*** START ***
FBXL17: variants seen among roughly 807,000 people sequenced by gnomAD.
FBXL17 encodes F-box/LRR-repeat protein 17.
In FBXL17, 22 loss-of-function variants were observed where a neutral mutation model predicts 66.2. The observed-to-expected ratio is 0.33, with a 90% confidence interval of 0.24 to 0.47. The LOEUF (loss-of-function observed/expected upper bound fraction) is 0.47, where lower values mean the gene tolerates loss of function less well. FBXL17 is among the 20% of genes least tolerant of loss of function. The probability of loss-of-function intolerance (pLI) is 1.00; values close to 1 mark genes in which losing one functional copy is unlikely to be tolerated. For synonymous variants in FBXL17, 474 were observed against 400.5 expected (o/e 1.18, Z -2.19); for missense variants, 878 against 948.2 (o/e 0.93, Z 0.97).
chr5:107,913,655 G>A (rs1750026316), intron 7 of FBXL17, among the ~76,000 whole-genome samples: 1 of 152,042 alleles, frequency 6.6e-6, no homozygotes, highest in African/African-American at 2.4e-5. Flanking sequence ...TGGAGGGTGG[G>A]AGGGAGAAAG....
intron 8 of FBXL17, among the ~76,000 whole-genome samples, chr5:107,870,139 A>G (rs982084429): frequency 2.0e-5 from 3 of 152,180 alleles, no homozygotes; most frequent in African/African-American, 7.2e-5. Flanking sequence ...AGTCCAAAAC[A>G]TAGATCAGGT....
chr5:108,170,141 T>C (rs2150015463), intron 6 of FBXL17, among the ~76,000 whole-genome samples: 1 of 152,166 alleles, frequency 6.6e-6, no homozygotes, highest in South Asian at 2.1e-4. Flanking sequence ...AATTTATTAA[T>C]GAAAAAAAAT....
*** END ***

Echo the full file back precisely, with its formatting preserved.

FBXL17: variants seen among roughly 807,000 people sequenced by gnomAD.
FBXL17 encodes F-box/LRR-repeat protein 17.
In FBXL17, 22 loss-of-function variants were observed where a neutral mutation model predicts 66.2. The observed-to-expected ratio is 0.33, with a 90% confidence interval of 0.24 to 0.47. The LOEUF (loss-of-function observed/expected upper bound fraction) is 0.47, where lower values mean the gene tolerates loss of function less well. FBXL17 is among the 20% of genes least tolerant of loss of function. The probability of loss-of-function intolerance (pLI) is 1.00; values close to 1 mark genes in which losing one functional copy is unlikely to be tolerated. For synonymous variants in FBXL17, 474 were observed against 400.5 expected (o/e 1.18, Z -2.19); for missense variants, 878 against 948.2 (o/e 0.93, Z 0.97).
chr5:107,913,655 G>A (rs1750026316), intron 7 of FBXL17, among the ~76,000 whole-genome samples: 1 of 152,042 alleles, frequency 6.6e-6, no homozygotes, highest in African/African-American at 2.4e-5. Flanking sequence ...TGGAGGGTGG[G>A]AGGGAGAAAG....
intron 8 of FBXL17, among the ~76,000 whole-genome samples, chr5:107,870,139 A>G (rs982084429): frequency 2.0e-5 from 3 of 152,180 alleles, no homozygotes; most frequent in African/African-American, 7.2e-5. Flanking sequence ...AGTCCAAAAC[A>G]TAGATCAGGT....
chr5:108,170,141 T>C (rs2150015463), intron 6 of FBXL17, among the ~76,000 whole-genome samples: 1 of 152,166 alleles, frequency 6.6e-6, no homozygotes, highest in South Asian at 2.1e-4. Flanking sequence ...AATTTATTAA[T>C]GAAAAAAAAT....